The Bonfire By Aldo Jordan

The bonfire is a big tradition in Ireland or at least in some parts of Ireland. It is celebrated on the 23rd of June each year, which is also St Johns eve. At sunset, the fire ceremony begins. It is an evening to celebrate summer, the beginning of the school summer holidays, a place to meet family friends and neighbours, dance, sing, play music and be merry.

A time that has some very fond memories to myself personally, and for many others that celebrated and continue to celebrate this ancient tradition of bonfires night. One time, this was a celebrated tradition throughout Ireland but sadly it has diminished to a handful of counties, primarily on the west side of the country and can still be seen in pockets elsewhere.

Originally this was a Pagan midsummer festival – which was then moved to become St Johns Eve. Bonfires night coincides with the June solstice, also referred to as Midsummer. The Christian holy day is fixed at June 24, but, in some countries, festivities are celebrated the night before, on St John’s Eve. Including Ireland, the 23rd was the traditional night for the Bonfire.

This celebratory bonfire was so called because in the past old bones were burned in this fire. Originally, animal and human bones were burned to appease the gods on Bonfire, or Bone fire Night. Later, some people said that Bonfire night became a celebration of the eternal flame of Saint Patrick on the shortest night of the year.

In fact, in the Irish language the bonfire is called “Tine Cnáimh” which literally means fire of bones, and in some cases people actually pronounce it as “Bone-fire”. For several days beforehand, children and young people went from house to house asking for donations for the blessed fire. It was considered very unlucky to refuse.

In fact, at some fires, the names of generous donors were called out and the crowd would cheer. But then, the names of the miserly were also announced and these were greeted with jeers and catcalls, this seems a little radical but none the less it is what history and folklore tells us.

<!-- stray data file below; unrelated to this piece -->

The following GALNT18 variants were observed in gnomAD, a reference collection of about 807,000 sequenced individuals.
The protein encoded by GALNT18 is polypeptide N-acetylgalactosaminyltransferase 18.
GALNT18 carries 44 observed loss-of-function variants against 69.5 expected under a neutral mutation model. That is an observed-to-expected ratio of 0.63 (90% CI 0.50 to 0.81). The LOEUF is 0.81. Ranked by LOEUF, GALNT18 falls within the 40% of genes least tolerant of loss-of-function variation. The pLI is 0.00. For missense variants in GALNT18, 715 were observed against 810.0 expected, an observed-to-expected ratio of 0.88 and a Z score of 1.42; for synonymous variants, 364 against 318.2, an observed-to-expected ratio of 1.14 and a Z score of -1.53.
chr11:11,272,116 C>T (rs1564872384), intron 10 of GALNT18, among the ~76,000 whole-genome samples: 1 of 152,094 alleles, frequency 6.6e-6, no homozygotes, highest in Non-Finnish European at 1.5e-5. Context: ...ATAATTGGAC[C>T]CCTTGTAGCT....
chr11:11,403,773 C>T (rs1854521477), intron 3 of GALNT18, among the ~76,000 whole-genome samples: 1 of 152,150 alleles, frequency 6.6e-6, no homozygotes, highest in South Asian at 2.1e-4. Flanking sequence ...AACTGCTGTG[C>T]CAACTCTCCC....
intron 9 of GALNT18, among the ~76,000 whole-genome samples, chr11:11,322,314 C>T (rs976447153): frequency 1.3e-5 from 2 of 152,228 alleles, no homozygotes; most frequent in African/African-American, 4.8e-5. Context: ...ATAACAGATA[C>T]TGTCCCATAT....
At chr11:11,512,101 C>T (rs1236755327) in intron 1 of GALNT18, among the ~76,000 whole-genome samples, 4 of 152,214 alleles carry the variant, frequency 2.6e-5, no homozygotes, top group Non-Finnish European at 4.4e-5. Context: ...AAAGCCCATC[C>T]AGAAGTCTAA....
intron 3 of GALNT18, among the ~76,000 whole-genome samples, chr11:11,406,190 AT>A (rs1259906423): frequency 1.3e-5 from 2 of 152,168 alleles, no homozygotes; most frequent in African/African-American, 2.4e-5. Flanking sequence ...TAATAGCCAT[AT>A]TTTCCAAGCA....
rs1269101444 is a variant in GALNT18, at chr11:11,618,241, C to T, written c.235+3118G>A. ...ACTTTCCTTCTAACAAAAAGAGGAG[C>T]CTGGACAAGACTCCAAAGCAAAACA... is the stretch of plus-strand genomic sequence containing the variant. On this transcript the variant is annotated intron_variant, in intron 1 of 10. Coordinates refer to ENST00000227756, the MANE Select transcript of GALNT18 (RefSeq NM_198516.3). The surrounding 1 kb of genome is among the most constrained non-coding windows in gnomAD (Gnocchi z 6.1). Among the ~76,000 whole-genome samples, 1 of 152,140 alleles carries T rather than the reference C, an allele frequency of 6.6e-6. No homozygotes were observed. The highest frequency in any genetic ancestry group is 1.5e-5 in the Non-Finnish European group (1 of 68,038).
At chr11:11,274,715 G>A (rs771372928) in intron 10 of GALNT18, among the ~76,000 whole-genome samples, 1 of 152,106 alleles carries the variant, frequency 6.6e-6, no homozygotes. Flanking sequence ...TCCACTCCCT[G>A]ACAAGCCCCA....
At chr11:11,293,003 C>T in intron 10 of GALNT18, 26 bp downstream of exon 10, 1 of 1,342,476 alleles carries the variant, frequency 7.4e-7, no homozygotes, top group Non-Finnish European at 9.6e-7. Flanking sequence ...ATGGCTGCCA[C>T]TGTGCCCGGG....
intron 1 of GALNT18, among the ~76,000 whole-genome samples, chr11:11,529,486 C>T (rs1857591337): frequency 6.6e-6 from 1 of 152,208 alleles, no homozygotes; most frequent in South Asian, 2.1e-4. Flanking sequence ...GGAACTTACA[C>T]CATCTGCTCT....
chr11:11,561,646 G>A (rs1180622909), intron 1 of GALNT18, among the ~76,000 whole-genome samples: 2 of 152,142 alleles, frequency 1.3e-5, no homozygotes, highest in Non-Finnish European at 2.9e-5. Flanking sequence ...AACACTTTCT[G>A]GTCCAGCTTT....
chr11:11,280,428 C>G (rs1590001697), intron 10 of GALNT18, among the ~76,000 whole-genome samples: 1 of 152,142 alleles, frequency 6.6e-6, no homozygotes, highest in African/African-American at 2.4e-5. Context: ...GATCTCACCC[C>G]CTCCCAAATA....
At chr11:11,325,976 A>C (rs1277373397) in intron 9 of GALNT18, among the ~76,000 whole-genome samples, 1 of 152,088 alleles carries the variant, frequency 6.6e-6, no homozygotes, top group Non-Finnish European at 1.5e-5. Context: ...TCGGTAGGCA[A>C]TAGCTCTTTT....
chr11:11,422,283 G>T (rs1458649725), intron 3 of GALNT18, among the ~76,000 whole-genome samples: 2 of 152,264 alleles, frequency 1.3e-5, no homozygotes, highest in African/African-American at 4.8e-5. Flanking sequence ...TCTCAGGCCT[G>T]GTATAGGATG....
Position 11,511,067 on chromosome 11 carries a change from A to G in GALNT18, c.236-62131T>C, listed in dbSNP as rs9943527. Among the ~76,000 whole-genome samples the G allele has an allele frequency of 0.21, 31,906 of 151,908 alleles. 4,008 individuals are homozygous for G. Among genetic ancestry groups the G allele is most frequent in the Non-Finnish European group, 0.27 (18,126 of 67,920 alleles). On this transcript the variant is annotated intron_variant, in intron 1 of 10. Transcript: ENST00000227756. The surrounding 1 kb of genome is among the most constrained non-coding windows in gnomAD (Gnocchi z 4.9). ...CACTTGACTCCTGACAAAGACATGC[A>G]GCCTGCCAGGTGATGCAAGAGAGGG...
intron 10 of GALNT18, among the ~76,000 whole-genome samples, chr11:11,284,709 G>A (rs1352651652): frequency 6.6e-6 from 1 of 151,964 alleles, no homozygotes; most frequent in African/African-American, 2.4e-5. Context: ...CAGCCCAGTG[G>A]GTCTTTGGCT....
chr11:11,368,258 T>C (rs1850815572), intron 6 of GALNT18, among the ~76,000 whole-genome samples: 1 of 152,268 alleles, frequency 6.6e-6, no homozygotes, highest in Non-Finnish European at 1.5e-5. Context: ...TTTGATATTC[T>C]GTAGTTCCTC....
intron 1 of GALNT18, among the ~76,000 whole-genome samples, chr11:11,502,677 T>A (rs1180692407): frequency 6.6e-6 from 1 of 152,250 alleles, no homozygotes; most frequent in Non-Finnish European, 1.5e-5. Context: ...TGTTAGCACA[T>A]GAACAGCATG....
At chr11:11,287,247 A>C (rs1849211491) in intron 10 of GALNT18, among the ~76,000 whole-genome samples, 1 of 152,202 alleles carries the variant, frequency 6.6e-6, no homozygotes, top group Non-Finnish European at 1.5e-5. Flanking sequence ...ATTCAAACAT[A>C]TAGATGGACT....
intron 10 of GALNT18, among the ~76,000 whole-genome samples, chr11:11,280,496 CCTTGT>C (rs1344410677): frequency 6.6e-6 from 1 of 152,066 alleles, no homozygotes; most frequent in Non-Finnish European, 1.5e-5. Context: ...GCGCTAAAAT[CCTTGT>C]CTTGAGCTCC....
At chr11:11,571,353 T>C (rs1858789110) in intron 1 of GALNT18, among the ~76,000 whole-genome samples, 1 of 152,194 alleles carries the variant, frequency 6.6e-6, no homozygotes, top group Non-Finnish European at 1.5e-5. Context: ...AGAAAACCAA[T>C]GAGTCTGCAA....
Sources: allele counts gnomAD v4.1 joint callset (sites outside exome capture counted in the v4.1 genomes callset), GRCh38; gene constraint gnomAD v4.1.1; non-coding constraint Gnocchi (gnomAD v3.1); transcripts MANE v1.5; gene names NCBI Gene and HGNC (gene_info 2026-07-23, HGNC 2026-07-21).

Some people used to take the ashes from the fire on St. John’s morning to scatter them on their fields. At the close of the festival too, around after midnight, any man who had built a new house or had nearly completed it took from the bonfire a shovel of red hot sods to his new home so that the very first fire there would be started by the ceremonial bonfire.

One of the traditions on bonfires night in some areas of Connacht a special dish called “Goody” was made. This was white ‘shop-bread’ which had been soaked in hot milk and flavoured with sugar and spices. It was usually made in a large pot that was either placed on the bonfire or heated on a smaller fire close by. Revellers brought their own spoons and bowls if they wanted to share in the “Goody.”

Fires were made to be circular in form- a holy shape. Music, dancing and games were popular along with feats of strength. There are many bonfire customs associated with Midsummer celebrations. Bonfires were situated close to a graveyard and or holy/healing wells.

Fires were made from turf, furze bushes and other firewood. The fire and its ashes brought blessings on to the crops. People prayed to the gods to make sure they had a good crop and prayed that bad luck and misfortune would spare them. As mentioned earlier, the bonfire was originally a Pagan festival and a celebration of the Summer solstice, a good harvest, and good health and fortune to go with it. Like everything else from Celtic Pagan time, it became intertwined with Christianity and indeed over-ran by it but, please remember ultimately it was a Celtic Pagan festival as Halloween was and so on. Today we should be very proud to continue this ancient tradition in the best spirits possible and keep the traditions of our ancestors alive and well.

The social aspect of bonfires night is something that should always be kept in our communities, for it may be the only time of the year that we can all come together to celebrate a very important tradition and stay in touch with one another and keep a community spirit intact.

**In Ireland, Bonfire’s night (Bone-Fire), is celebrated on

June 23rd of each year**


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